The declaration by the House of Representatives last month that the National Assembly is broke and the decision of the Senate to fault the claim is generating an interesting discourse among keen watchers of the country’s political development, SUNDAY ABORISADE and LEKE BAIYEWU write
The House of Representatives courted the wrath of Nigerians last month when it declared that the nation’s apex legislative institution was broke and demanded additional funds to enable it to carry out its functions effectively to the country.
The Senate, in what appears to be a case of damage control, following heavy backlash on the social media, denied the position of the House of Representatives, claiming that the two chambers were being adequately funded.
However, the House stood its ground and insisted that the paucity of funds had made the working environment not conducive for lawmakers while they had not been able to carry out their legislative activities to the best of their ability.
The Chairman of the House Committee on Media and Public Affairs, Benjamin Kalu, stirred the hornet nest a few weeks ago when he declared for the umpteenth time that the National Assembly was broke.
The National Assembly had a budget of N139.5bn in 2018, N125bn in 2019 and N128bn (N125bn proposed, N3bn added) in 2020. While the sum of N125bn was proposed for the National Assembly in 2021, it later got N134bn along with its affiliates.
Kalu was asked if it was true that the House reduced the number of days lawmakers sit for plenary per week – from three days to one and recently two – to cut costs. He said it was for safety reasons due to the COVID-19 pandemic.
The House’ spokesman, however, said the parliament was ‘broke’ still.
Kalu said, “Yes, the House is ‘broke,’ I have said it before and I am saying it again and I am not afraid to say it. The House is ‘broke’ and it is afraid to appropriate the sufficient amount for them to do their job.
“The House is broke and is afraid of your complaints as Nigerians to make provision for what will make them run the activities of the House effectively.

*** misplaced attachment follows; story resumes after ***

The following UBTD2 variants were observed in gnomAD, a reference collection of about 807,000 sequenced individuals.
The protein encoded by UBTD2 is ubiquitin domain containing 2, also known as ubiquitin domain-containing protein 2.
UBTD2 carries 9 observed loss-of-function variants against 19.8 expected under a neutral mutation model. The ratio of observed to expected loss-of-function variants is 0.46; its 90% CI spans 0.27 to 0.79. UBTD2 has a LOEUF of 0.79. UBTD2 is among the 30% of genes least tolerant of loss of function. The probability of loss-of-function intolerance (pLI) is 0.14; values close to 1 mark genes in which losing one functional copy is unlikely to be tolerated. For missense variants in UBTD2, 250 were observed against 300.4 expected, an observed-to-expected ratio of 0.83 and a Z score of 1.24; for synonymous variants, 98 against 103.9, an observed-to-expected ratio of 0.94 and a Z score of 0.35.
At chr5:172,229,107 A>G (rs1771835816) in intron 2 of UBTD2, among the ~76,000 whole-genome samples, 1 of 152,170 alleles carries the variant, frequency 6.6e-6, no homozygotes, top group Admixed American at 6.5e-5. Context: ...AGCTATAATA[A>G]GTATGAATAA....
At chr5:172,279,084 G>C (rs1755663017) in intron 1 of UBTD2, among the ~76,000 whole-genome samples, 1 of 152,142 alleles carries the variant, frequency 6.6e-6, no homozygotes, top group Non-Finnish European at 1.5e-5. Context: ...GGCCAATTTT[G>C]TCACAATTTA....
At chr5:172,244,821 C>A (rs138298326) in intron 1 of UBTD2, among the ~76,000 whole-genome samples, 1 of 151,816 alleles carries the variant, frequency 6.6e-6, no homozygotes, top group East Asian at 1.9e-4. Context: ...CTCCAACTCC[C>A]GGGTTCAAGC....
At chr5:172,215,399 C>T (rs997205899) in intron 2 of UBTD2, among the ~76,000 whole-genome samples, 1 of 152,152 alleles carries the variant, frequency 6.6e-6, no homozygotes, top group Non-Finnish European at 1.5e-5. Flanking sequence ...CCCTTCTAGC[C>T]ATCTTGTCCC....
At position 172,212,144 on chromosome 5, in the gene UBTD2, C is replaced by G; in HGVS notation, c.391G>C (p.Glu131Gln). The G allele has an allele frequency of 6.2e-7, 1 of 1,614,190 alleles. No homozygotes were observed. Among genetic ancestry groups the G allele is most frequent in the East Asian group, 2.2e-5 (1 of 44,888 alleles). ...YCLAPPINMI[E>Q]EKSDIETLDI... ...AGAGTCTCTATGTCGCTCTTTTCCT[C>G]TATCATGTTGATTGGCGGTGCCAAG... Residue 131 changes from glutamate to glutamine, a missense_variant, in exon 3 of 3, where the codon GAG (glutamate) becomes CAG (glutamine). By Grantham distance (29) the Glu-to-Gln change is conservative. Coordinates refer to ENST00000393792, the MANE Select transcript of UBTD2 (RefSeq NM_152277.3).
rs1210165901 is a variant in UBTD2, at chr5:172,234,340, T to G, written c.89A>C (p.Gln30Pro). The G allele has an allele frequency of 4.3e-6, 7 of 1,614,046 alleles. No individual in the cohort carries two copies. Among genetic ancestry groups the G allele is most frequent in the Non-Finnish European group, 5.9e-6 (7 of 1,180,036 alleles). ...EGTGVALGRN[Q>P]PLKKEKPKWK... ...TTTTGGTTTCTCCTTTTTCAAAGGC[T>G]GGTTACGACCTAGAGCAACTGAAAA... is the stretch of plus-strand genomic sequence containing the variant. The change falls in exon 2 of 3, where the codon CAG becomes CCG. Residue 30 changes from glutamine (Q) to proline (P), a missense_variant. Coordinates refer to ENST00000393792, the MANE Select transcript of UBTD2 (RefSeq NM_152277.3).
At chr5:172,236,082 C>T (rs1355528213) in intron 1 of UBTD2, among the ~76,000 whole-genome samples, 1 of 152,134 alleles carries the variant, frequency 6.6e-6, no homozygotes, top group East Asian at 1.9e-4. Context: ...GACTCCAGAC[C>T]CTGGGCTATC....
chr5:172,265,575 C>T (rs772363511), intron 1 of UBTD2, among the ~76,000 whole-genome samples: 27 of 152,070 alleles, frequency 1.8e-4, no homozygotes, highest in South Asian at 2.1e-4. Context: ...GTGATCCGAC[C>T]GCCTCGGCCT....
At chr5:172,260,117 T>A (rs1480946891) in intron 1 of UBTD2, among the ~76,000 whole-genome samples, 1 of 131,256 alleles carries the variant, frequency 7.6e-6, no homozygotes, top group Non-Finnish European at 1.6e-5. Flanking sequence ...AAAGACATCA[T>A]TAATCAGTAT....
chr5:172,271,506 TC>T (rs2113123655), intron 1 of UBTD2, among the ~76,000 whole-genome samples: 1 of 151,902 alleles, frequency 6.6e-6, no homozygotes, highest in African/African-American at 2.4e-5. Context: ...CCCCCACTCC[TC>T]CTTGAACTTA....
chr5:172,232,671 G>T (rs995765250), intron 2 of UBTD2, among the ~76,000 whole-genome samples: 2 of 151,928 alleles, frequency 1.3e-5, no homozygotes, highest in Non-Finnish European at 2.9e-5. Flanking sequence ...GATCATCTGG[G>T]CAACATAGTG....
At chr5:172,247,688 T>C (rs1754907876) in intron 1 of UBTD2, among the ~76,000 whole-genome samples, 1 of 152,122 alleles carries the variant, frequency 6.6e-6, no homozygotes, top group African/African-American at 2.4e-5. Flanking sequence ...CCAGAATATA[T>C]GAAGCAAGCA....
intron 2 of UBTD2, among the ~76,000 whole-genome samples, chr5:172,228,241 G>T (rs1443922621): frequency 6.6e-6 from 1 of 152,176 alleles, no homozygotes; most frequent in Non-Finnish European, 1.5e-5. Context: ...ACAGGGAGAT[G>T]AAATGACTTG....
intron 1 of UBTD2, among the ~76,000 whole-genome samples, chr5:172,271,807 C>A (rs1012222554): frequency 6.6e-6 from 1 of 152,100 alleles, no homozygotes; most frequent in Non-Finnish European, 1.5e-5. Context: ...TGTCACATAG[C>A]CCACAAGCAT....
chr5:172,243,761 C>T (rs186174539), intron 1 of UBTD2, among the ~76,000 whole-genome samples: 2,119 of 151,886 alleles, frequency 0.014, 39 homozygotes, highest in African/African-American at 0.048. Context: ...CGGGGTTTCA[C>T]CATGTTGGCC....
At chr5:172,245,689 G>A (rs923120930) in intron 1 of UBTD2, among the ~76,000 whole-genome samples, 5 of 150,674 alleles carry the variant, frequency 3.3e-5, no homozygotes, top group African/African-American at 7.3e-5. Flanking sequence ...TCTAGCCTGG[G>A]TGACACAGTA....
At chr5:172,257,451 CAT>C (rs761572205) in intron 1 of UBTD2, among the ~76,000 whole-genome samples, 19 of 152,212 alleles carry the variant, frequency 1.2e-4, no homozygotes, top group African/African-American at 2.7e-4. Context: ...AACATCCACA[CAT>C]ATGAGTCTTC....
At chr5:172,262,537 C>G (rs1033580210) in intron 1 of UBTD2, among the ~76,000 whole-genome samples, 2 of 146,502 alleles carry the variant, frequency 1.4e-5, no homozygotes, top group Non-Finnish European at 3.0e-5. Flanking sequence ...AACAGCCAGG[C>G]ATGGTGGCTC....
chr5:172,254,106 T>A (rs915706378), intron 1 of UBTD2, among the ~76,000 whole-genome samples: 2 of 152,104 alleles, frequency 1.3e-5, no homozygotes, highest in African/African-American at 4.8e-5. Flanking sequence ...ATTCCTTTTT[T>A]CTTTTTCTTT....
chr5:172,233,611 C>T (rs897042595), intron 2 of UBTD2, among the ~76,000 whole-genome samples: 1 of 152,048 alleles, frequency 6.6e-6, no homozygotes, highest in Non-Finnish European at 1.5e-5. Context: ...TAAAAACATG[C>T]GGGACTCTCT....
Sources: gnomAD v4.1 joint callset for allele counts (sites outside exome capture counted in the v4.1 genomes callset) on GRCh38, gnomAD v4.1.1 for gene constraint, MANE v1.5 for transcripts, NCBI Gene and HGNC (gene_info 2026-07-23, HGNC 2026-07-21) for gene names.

“That is why today, here is hot; that is why the hearing rooms are not fixed; that is why the house is indebted to contractors who provide one form of service or the other. This is the fact.
“Nigerians must be made to know that the appropriation that was made for the running of the National Assembly, which happened when naira was 160 to the dollar, is less now than what it used to be.
“The dollar equivalent of naira today has gone up to over N400. The purchasing power of the budget, as it is now, is weaker than it was 10 years ago.
“The budget of the National Assembly is supposed to be reviewed, in view of its purchasing ability of the services that will help the parliament to move forward. At the moment, it is a weak budget and that is the truth.
“I have actually fought with the leadership of the House and I have asked the question, ‘Why are you afraid to raise the budget of the National Assembly that will enable us to conduct our services efficiently and effectively?’
“We appropriate for agencies to run effectively, yet we are in penury to our own constitutional mandate. It is a disservice to Nigerians; the poor budget of the parliament is a disservice to Nigerians.”
According to Kalu, parliaments and parliamentarians in other climes spend more funds, making them perform better.